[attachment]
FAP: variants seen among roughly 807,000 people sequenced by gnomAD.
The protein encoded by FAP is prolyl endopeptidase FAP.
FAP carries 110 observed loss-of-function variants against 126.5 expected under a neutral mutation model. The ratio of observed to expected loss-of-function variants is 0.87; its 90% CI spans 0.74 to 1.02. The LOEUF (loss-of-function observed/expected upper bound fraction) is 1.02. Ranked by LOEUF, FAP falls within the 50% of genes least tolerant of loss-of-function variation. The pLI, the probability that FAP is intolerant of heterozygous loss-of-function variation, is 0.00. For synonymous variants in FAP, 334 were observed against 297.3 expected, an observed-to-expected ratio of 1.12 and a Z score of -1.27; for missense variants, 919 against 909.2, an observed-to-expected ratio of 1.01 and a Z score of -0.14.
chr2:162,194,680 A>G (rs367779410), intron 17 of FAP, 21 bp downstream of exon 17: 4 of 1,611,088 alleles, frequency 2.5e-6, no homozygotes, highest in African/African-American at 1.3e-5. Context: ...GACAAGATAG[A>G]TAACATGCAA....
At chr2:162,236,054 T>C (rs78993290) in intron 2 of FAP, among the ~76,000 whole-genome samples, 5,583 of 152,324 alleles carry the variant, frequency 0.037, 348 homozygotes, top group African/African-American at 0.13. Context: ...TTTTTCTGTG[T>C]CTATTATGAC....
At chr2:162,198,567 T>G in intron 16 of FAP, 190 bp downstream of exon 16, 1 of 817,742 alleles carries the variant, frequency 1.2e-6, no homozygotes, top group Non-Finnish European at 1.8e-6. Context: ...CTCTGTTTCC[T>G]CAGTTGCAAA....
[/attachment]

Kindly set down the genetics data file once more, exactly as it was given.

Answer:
FAP: variants seen among roughly 807,000 people sequenced by gnomAD.
The protein encoded by FAP is prolyl endopeptidase FAP.
FAP carries 110 observed loss-of-function variants against 126.5 expected under a neutral mutation model. The ratio of observed to expected loss-of-function variants is 0.87; its 90% CI spans 0.74 to 1.02. The LOEUF (loss-of-function observed/expected upper bound fraction) is 1.02. Ranked by LOEUF, FAP falls within the 50% of genes least tolerant of loss-of-function variation. The pLI, the probability that FAP is intolerant of heterozygous loss-of-function variation, is 0.00. For synonymous variants in FAP, 334 were observed against 297.3 expected, an observed-to-expected ratio of 1.12 and a Z score of -1.27; for missense variants, 919 against 909.2, an observed-to-expected ratio of 1.01 and a Z score of -0.14.
chr2:162,194,680 A>G (rs367779410), intron 17 of FAP, 21 bp downstream of exon 17: 4 of 1,611,088 alleles, frequency 2.5e-6, no homozygotes, highest in African/African-American at 1.3e-5. Context: ...GACAAGATAG[A>G]TAACATGCAA....
At chr2:162,236,054 T>C (rs78993290) in intron 2 of FAP, among the ~76,000 whole-genome samples, 5,583 of 152,324 alleles carry the variant, frequency 0.037, 348 homozygotes, top group African/African-American at 0.13. Context: ...TTTTTCTGTG[T>C]CTATTATGAC....
At chr2:162,198,567 T>G in intron 16 of FAP, 190 bp downstream of exon 16, 1 of 817,742 alleles carries the variant, frequency 1.2e-6, no homozygotes, top group Non-Finnish European at 1.8e-6. Context: ...CTCTGTTTCC[T>G]CAGTTGCAAA....